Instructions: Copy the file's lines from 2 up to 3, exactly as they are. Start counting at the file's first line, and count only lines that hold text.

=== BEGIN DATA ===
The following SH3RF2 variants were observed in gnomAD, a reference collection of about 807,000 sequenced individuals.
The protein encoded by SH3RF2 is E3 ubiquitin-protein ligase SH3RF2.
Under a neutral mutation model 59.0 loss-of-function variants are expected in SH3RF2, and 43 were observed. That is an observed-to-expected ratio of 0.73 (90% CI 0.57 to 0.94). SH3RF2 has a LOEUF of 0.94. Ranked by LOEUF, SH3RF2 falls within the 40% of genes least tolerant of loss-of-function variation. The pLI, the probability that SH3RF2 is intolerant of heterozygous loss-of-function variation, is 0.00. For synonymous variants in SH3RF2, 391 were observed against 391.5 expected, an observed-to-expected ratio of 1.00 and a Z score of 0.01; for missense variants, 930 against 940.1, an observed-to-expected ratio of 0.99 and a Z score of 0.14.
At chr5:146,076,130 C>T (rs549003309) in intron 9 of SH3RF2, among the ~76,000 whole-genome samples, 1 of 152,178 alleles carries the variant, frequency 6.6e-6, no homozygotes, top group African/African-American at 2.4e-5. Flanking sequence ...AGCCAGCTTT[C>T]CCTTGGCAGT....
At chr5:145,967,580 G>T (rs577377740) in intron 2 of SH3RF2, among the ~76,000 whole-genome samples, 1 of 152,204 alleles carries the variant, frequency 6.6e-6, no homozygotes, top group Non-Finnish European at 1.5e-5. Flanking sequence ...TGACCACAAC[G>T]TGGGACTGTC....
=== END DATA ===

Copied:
The protein encoded by SH3RF2 is E3 ubiquitin-protein ligase SH3RF2.
Under a neutral mutation model 59.0 loss-of-function variants are expected in SH3RF2, and 43 were observed. That is an observed-to-expected ratio of 0.73 (90% CI 0.57 to 0.94). SH3RF2 has a LOEUF of 0.94. Ranked by LOEUF, SH3RF2 falls within the 40% of genes least tolerant of loss-of-function variation. The pLI, the probability that SH3RF2 is intolerant of heterozygous loss-of-function variation, is 0.00. For synonymous variants in SH3RF2, 391 were observed against 391.5 expected, an observed-to-expected ratio of 1.00 and a Z score of 0.01; for missense variants, 930 against 940.1, an observed-to-expected ratio of 0.99 and a Z score of 0.14.